‘It’s what they call a cryptogram,’ he said, ‘in which the sense is concealed by a deliberate jumbling of the letters, which would make an intelligible sentence if they were correctly rearranged. To think that I may have here the clue to some great discovery!’

  For my part I thought there was absolutely nothing there, but I prudently kept my opinion to myself.

  Then the Professor took the book and the parchment, and compared them. ‘They aren’t in the same hand-writing,’ he said. ‘The cryptogram is of a later date than the book, and I can see indisputable proof of that right at the beginning. The first letter is a double m, a letter you would look for in vain in Turleson’s book for it was only added to the Icelandic alphabet in the fourteenth century. So there are at least two hundred years between the book and the document.’

  That, I admit, struck me as a logical conclusion.

  ‘I am therefore led to think,’ continued my uncle, ‘that one of the owners of this book wrote these mysterious letters. But who the devil was that owner? Wouldn’t he have written his name somewhere on this manuscript?’

  My uncle raised his spectacles, picked up a powerful magnifying glass, and carefully examined the first pages of the book. On the back of the second page, the one bearing the subtitle, he noticed a sort of stain which looked like a blot of ink. However, looking at it closely, he made out a few half-obliterated letters. My uncle realized that this was the interesting point, and he laboured at the stain until, with the help of his magnifying glass, he ended up by distinguishing the following Runic characters, which he read out without hesitation:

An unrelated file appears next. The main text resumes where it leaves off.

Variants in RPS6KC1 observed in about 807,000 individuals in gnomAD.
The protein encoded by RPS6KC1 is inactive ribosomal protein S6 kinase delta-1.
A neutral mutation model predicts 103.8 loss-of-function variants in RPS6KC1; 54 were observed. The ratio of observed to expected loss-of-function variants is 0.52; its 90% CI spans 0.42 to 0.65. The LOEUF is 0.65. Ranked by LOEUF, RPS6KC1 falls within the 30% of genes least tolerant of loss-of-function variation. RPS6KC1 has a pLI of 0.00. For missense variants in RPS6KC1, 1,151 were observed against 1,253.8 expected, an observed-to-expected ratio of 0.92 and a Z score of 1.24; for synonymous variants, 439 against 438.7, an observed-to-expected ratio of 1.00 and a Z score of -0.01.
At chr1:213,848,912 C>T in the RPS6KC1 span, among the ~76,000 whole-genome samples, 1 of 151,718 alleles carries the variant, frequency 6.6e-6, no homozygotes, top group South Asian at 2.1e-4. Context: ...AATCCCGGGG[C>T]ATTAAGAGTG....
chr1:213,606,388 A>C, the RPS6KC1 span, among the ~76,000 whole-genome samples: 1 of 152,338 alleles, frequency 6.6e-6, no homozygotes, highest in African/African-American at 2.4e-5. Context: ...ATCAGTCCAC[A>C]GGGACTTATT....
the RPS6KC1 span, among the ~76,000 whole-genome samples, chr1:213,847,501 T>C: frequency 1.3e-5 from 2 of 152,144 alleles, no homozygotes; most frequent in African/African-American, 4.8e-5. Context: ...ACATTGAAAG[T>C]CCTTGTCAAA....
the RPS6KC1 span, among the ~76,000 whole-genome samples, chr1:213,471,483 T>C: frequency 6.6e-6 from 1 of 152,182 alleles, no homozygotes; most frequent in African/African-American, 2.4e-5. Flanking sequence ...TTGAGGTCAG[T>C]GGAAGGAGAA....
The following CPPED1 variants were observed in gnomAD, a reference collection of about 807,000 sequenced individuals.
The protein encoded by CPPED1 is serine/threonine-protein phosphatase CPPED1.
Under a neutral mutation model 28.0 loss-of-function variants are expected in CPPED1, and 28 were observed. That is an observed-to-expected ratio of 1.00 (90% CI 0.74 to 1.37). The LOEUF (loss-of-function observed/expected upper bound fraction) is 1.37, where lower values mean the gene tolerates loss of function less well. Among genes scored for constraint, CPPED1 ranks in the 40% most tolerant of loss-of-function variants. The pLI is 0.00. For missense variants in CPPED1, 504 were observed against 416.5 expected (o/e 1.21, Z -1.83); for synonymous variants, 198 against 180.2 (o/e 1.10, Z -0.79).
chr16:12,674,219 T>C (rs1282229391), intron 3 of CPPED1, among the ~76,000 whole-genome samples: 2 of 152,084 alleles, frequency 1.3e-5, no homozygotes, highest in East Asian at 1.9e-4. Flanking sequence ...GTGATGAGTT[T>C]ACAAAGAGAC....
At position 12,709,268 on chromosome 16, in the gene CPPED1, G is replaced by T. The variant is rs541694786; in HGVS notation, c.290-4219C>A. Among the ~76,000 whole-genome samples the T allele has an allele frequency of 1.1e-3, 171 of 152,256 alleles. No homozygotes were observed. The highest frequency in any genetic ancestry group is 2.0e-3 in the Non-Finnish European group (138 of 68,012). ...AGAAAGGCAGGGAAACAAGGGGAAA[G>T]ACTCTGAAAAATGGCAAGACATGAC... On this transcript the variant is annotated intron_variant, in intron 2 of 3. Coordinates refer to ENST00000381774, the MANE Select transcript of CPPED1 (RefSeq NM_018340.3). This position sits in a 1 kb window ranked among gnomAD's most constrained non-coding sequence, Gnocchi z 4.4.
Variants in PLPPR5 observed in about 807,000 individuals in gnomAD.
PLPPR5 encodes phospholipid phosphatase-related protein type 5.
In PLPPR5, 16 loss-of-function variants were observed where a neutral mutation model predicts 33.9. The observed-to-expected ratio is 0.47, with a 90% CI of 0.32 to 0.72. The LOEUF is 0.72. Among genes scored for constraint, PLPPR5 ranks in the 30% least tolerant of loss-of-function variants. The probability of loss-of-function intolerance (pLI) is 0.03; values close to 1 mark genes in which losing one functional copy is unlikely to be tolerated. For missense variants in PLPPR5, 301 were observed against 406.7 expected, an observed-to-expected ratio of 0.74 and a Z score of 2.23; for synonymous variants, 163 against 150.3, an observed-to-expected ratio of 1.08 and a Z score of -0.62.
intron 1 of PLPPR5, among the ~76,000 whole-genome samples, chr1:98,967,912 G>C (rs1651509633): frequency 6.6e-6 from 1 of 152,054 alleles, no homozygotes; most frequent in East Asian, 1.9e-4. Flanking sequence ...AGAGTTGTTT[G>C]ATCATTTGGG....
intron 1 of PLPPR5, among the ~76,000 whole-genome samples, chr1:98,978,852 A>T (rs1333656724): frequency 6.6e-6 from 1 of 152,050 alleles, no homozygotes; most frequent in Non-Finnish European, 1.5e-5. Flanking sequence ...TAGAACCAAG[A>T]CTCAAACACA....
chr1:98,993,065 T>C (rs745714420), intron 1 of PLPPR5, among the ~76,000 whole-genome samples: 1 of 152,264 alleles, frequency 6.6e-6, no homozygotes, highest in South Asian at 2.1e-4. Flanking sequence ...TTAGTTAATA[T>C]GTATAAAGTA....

‘Arne Saknussemm!’ he cried triumphantly. ‘Why that’s a name, and what is more an Icelandic name, that of a famous alchemist of the sixteenth century!’

  I looked at my uncle with a certain admiration. ‘Those alchemists,’ he went on, ‘Avicenna, Bacon, Lully, Paracelsus, were the real scientists, indeed the only scientists, of their time. They made the most astonishing discoveries. Why shouldn’t this Saknussemm have concealed some surprising invention behind this incomprehensible cryptogram? That must be it. That is it.’

  The Professor’s imagination took fire at this idea.

  ‘No doubt,’ I ventured to reply. ‘But what interest could this scientist have had in hiding a wonderful discovery in this way?’

  ‘What indeed? How should I know? Didn’t Galileo do the same about Saturn? Anyway, we shall see: I’m going to discover the secret of this document, and I shall neither eat nor sleep until I have guessed it.’

  ‘Oh!’ I thought to myself.

  ‘Nor will you, Axel,’ he added.

  ‘Good Lord!’ I thought, ‘it’s a good thing I ate two dinners today!’

  ‘First of all,’ said my uncle, ‘we must find the key to this cipher. That ought not to be difficult.’

  At these words I looked up quickly. My uncle went on talking to himself.

  ‘Nothing could be easier. In this document there are 132 letters, namely seventy-nine consonants and fifty-three vowels. This is roughly the proportion found in southern languages, while northern idioms are infinitely richer in consonants. Consequently this is written in a southern language.’

  These conclusions struck me as very reasonable.

  ‘But what language is it?’

  Here I waited for a display of learning, but instead my uncle showed himself to be a master of analysis.